Bishop Ray reflects on the meaning of Religious Life and its history in the diocese of Kerry in the past two hundred years
Homily, Chrism Mass, Killarney Cathedral, 31 March 2015:
Last year at my first Chrism Mass here in the diocese I thanked God and I honoured the whole diocese, the whole People of God, throughout the 53 parishes. I was mindful of parishes, schools, organisations, centres, our priests active and retired, our religious, our laity, our teachers, people of great age, parents, all that is our diocese. It is a reality that reaches back through history, through the generations. I thanked God for the faith hope and love of the people, and for the people of prayer that they are.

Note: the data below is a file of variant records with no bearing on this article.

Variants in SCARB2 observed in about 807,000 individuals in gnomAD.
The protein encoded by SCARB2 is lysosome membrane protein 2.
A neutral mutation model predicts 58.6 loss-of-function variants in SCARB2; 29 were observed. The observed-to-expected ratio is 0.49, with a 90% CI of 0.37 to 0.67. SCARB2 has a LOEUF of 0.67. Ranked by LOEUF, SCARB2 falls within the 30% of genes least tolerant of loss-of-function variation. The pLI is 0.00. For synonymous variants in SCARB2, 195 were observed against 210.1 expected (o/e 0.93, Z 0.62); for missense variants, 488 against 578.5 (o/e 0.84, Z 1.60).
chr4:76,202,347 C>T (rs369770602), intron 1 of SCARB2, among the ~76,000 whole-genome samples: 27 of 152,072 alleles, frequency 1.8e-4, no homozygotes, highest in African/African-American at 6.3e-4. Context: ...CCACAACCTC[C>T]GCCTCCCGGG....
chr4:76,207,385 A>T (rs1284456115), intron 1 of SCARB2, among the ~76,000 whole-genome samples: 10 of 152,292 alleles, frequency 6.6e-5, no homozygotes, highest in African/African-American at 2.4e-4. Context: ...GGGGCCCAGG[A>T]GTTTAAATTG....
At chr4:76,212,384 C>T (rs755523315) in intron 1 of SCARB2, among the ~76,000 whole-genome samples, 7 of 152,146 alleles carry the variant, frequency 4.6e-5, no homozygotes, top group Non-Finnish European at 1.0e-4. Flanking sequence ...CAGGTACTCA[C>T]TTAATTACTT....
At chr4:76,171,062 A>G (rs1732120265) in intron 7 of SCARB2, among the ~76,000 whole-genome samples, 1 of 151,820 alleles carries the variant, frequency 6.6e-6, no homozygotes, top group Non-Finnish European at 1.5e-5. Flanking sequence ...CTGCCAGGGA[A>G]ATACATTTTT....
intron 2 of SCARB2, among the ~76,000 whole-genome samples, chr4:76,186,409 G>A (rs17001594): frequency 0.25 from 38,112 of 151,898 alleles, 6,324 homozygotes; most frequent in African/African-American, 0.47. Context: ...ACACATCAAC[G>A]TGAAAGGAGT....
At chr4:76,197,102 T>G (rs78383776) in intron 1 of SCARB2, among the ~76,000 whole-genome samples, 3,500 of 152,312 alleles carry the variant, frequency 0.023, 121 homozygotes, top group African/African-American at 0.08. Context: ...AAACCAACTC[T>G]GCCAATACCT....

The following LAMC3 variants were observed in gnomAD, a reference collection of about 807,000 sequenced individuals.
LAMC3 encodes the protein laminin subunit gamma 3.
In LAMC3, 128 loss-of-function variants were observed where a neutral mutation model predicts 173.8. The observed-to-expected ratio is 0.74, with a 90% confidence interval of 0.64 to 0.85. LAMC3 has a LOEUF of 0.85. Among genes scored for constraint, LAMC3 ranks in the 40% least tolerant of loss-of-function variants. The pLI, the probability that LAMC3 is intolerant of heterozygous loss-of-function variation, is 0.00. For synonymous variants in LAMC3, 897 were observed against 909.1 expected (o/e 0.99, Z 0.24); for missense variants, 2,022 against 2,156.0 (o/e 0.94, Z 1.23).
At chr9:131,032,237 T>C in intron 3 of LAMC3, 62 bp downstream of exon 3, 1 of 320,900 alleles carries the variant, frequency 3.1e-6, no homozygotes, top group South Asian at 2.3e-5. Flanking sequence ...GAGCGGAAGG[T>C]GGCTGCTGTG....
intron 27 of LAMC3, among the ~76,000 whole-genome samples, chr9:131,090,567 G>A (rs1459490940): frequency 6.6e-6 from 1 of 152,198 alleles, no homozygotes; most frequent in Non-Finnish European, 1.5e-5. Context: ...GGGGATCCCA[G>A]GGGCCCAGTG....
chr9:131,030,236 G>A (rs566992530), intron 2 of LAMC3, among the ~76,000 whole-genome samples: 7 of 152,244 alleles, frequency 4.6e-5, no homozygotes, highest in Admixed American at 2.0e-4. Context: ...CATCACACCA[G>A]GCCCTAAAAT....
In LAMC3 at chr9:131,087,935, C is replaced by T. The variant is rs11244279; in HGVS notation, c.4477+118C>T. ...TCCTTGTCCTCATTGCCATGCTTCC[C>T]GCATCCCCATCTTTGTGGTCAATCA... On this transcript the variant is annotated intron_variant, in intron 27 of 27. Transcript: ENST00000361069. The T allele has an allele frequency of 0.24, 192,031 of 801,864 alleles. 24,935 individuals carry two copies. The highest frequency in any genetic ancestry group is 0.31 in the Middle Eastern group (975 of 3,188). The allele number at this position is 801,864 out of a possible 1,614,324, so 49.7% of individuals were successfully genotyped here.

I would like to speak of the religious: sisters, nuns, brothers priests. Worldwide in the Church it is a Year focused on Religious Life. Religious Life has been so much part of life in the diocese over the past 200 years. Yet, in ten years time, it is likely that all our convents and monasteries will no longer have communities. We may have a small number of religious in a few houses. It is a good time to remember the great contribution religious have made.
I have in mind religious life here in the diocese and also religious from this diocese who have served elsewhere, who have served literally everywhere, – on all Continents, and in great numbers. I wonder in how many nations have religious born in Kerry served in the past century?
The vocation of a Religious, the call to religious life, can it be seen as responding to God’s Word in our First Reading, – words that are quoted by Jesus in our gospel: